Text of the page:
They are free from bias.

This is a very interesting strategy, rooted in human psychology. Indeed, if you have lived in an emerging country (or any country for that matter) for too long, then you are too aware of the big limitations. ‘This cannot happen, this neither’.

However, when coming with fresh (even naive) eyes, limitations seem to be non-existent even in the toughest market environments.

Pilot, then scale heavily

At ZEN, we chose to pilot Indonesia at small scale with a WordPress website for two months before any public launch. We never paid attention to what competition may or may not do earlier than us. Pilot, learn at small scale, then scale heavily! There is no straight line to speed. This is the best way to leadership. This is a key lesson I learnt from my peers.

Once your processes are fine-tuned in your 1st launch market (as evidenced by strong customer satisfaction levels), scale and lead. If you attempt to scale too early, you are in the game of faking growth and compounding headaches.

This also ensures your staff is trained centrally and learns from mistakes before potentially taking charge of decentralized operations.

This is extremely important. Even a few months of hyper centralization saves a lot of management time thereafter. For instance, we do avoid appointing fresh management hires in new markets, we prefer to have our staff travel a lot.

Also Read: Are older entrepreneurs more successful?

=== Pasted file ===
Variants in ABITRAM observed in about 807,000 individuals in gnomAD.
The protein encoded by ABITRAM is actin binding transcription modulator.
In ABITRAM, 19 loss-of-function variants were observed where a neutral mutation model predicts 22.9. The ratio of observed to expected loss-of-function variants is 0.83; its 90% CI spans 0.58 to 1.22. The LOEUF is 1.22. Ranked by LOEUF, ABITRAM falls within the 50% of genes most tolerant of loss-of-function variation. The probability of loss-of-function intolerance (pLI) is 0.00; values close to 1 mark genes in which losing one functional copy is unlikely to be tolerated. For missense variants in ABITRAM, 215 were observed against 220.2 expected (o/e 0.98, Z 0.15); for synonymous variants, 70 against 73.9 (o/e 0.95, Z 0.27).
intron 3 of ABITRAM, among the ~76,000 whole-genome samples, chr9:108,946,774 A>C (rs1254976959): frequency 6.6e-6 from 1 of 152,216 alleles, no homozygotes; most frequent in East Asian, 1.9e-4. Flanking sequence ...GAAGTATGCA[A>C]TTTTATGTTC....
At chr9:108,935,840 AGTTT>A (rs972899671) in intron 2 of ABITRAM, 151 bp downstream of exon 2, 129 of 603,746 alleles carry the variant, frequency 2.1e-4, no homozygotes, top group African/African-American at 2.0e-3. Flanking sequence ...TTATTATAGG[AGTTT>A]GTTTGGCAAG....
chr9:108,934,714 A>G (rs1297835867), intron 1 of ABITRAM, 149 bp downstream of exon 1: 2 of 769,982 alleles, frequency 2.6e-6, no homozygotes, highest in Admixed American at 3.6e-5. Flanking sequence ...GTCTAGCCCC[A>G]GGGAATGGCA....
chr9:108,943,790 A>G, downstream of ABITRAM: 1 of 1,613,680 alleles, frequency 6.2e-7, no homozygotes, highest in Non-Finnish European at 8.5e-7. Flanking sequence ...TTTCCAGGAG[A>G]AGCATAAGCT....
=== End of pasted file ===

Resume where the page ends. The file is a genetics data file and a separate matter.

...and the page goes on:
So my advice is to scale fast, but in two clear phases.

Be relentless on customer satisfaction

This must be the cornerstone of company culture. Clients must be happy, whatever it takes.

And not only for altruistic motives: in our social world, customer satisfaction is free promotion, and nobody likes to have to pay for PR. We control our guests’ holidays and this is a responsibility.

We also control their safety: many things — if left unchecked — can go wrong in a hotel and you only have one chance. So everyone in the company is on call to reply to guests, from Juniors to Directors.

All about HR…

A company is only a gathering of people who come together to execute on a vision.

Ambitious young people want to work with us, because they know our execution-driven culture and can relate to our mission.

We have a flat structure, where talent has responsibility early and gets rewarded. There are very few rules or glass ceilings. For instance, we had a former intern become Country Manager after only six months with us — and at only 23 years old. 

It is key for every startup to develop their company culture so as to attract true talent, otherwise it is guaranteed failure. Seems obvious in a big company but makes so much sense in a smaller company.

… and reporting!

At ZEN, we are, quite simply, KPI obsessed, we turn all tasks into performance indicators. And every staff has access to them daily.

We all commit to not letting each other down. Ambitious and talented individuals with clearly defined but stretched KPIs work wonders and have a habit of surprising (even themselves). An online business without daily quantitative reporting is doomed to fail. 

Also Read: Who the hell is @startupwati?

What’s next?

Well, many new ZEN Rooms will emerge, in many countries. And over the long term, let’s just say there are many more ways to improve the experience inside economy hotels.

The post Building an international business: I learnt founding ZEN Rooms from scratch! appeared first on e27.